Dealing with Unknown Unknowns: Identification and Selection of Minimal Sensing for Fractional Dynamics with Unknown Inputs

03/10/2018 ∙ by Gaurav Gupta, et al. ∙ University of Southern California 0

This paper focuses on analysis and design of time-varying complex networks having fractional order dynamics. These systems are key in modeling the complex dynamical processes arising in several natural and man made systems. Notably, examples include neurophysiological signals such as electroencephalogram (EEG) that captures the variation in potential fields, and blood oxygenation level dependent (BOLD) signal, which serves as a proxy for neuronal activity. Notwithstanding, the complex networks originated by locally measuring EEG and BOLD are often treated as isolated networks and do not capture the dependency from external stimuli, e.g., originated in subcortical structures such as the thalamus and the brain stem. Therefore, we propose a paradigm-shift towards the analysis of such complex networks under unknown unknowns (i.e., excitations). Consequently, the main contributions of the present paper are threefold: (i) we present an alternating scheme that enables to determine the best estimate of the model parameters and unknown stimuli; (ii) we provide necessary and sufficient conditions to ensure that it is possible to retrieve the state and unknown stimuli; and (iii) upon these conditions we determine a small subset of variables that need to be measured to ensure that both state and input can be recovered, while establishing sub-optimality guarantees with respect to the smallest possible subset. Finally, we present several pedagogical examples of the main results using real data collected from an EEG wearable device.



There are no comments yet.


page 5

This week in AI

Get the week's most popular data science and artificial intelligence research sent straight to your inbox every Saturday.

I Introduction

A time-varying complex network with fractional dynamics has node activities over time influenced by its own history and also by activities of the other nodes. The systems with such attributes enables the modeling of coupled non-stationary processes that exhibit long-term memory [1, 2, 3, 4, 5]. A multitude of examples can be found in several application domains such as biology, and engineering, e.g. bacteria dynamics [6, 7, 8] and swarm robotics [9, 10], respectively. Nonetheless, their applicability becomes even more useful in the context of heterogeneous networks that interact geographically and across different time-scales, as it often occurs in the context of cyber-physical systems (CPS).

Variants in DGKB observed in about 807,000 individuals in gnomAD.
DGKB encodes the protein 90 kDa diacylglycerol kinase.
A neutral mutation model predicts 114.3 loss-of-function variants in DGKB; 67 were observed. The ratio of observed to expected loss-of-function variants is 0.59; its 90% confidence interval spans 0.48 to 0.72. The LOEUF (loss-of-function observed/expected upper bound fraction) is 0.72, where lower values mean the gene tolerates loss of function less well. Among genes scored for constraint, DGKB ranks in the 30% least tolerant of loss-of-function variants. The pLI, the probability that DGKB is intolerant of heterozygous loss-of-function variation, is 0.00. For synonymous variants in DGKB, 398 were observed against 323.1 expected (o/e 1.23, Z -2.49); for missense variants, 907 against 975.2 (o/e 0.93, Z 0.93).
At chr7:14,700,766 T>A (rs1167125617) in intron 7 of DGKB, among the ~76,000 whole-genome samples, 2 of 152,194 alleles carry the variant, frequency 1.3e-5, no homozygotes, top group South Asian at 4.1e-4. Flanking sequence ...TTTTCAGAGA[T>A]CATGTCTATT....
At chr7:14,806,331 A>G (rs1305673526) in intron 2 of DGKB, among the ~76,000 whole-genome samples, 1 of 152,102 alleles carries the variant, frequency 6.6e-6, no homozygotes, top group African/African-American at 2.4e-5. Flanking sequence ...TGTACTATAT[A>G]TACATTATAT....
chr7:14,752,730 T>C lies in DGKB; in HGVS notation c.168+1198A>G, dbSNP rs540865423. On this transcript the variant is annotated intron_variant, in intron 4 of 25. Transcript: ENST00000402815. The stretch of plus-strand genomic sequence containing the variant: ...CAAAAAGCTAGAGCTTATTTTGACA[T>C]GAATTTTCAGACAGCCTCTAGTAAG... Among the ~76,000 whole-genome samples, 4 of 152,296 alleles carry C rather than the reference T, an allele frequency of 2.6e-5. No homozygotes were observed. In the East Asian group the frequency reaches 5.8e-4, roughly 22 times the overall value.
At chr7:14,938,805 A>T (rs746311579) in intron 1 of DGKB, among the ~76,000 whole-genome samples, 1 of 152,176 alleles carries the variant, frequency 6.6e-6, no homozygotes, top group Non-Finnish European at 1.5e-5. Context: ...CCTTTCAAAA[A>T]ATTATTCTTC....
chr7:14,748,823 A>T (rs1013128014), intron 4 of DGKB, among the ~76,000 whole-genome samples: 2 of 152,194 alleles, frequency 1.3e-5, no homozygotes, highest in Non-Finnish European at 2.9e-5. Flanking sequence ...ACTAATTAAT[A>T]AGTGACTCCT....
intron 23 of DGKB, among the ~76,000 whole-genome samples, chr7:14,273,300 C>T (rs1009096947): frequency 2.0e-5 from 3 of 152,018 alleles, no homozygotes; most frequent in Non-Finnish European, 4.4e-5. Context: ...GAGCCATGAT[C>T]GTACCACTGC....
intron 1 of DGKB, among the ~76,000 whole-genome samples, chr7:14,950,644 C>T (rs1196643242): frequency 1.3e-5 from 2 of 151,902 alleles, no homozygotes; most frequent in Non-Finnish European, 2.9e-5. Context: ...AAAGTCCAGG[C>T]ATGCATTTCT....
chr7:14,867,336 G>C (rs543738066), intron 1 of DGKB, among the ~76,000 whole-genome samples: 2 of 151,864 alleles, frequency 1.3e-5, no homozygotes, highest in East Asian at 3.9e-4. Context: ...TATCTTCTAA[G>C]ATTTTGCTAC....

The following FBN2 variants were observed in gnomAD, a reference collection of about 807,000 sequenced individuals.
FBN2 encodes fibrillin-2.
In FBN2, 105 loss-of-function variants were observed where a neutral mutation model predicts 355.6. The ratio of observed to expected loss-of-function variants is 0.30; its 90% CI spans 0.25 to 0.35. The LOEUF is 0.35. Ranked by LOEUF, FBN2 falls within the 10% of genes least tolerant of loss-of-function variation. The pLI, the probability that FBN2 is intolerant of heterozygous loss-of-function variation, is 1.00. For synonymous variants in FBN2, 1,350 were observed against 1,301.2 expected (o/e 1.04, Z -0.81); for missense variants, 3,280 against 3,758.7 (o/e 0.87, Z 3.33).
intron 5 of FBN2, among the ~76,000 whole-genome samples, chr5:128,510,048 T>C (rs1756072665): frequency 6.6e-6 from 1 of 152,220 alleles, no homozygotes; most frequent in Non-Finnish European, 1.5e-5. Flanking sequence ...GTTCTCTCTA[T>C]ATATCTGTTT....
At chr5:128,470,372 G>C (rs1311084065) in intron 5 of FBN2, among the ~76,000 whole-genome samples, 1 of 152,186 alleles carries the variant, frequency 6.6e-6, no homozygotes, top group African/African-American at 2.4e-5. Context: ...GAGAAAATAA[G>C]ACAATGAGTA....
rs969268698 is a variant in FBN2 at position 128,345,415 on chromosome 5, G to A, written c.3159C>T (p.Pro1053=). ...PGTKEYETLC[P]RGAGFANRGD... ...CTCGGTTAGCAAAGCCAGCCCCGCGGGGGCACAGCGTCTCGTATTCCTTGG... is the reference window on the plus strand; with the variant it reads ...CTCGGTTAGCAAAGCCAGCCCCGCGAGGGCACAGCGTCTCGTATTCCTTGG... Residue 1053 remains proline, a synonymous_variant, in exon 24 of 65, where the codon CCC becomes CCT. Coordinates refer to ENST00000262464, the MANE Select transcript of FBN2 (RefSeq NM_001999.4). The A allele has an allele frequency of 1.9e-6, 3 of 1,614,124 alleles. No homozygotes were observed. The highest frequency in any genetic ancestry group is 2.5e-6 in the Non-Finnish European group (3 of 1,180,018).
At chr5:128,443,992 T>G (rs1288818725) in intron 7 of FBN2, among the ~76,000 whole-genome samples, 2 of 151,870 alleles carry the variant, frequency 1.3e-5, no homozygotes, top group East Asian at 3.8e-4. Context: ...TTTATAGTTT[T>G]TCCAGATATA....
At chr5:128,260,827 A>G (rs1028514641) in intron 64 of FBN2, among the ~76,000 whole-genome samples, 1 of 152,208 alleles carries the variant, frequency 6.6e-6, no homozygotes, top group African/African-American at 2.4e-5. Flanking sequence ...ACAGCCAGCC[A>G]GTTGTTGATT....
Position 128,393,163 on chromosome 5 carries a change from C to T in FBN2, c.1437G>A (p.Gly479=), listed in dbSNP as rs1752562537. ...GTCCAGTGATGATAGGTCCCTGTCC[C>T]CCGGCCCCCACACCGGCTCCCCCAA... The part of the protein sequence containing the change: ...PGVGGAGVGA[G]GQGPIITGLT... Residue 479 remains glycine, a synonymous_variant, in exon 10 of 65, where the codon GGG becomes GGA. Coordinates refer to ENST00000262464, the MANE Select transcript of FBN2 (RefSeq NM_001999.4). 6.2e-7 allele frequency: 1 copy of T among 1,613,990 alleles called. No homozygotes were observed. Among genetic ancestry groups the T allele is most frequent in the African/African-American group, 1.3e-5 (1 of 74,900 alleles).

In the context of the present manuscript, we are motivated by the recent success of fractional order dynamics in modeling spatiotemporal properties of physiological signals, such as electrocardiogram (ECG), electromyogram (EMG), electroencephalogram (EEG) and blood oxygenation level dependent (BOLD) just to mention a few [11, 12]. Despite these modeling capabilities, there is one main limitation that continues to elude scientists and engineers alike. Specifically, complex networks such as the brain, whose nodes will dynamically evolve using fractal order dynamics, are often observed locally. Meaning that some of the dynamics assessed by the models are not only due to the local interaction, but might be constrained by unknown sources, i.e., stimuli that are external to the considered network. Consequently, we propose a model that enables us to account for the existence of such unknown stimuli, and determine the model that best captures the local dynamics under such stimuli. Observe that this enhances the analysis of these systems once we have an additional feature (i.e., the stimuli) that can be the main driver of a possible abnormal behavior of the network [13].

In the context of neuroscience and medical applications, the ability to determine unknown inputs is crucial in the retrieval of the model under the so-called input artifacts [14] captured in the EEG readings due to a pulse that causes a higher variation of the potential than the baseline. Alternatively, the existence of a model to cope with the presence of unknown inputs enable the modeling of stimuli that are originated in the subcortical structures of the brain that are often neglected in the current EEG and functional magnetic resonance imaging (fMRI) that leverages the BOLD signals [15]. Thus, it is imperative to develop such framework, as well as tools that enable us to perform the analysis and design of the systems modeled by such setup, which we introduce in the current paper.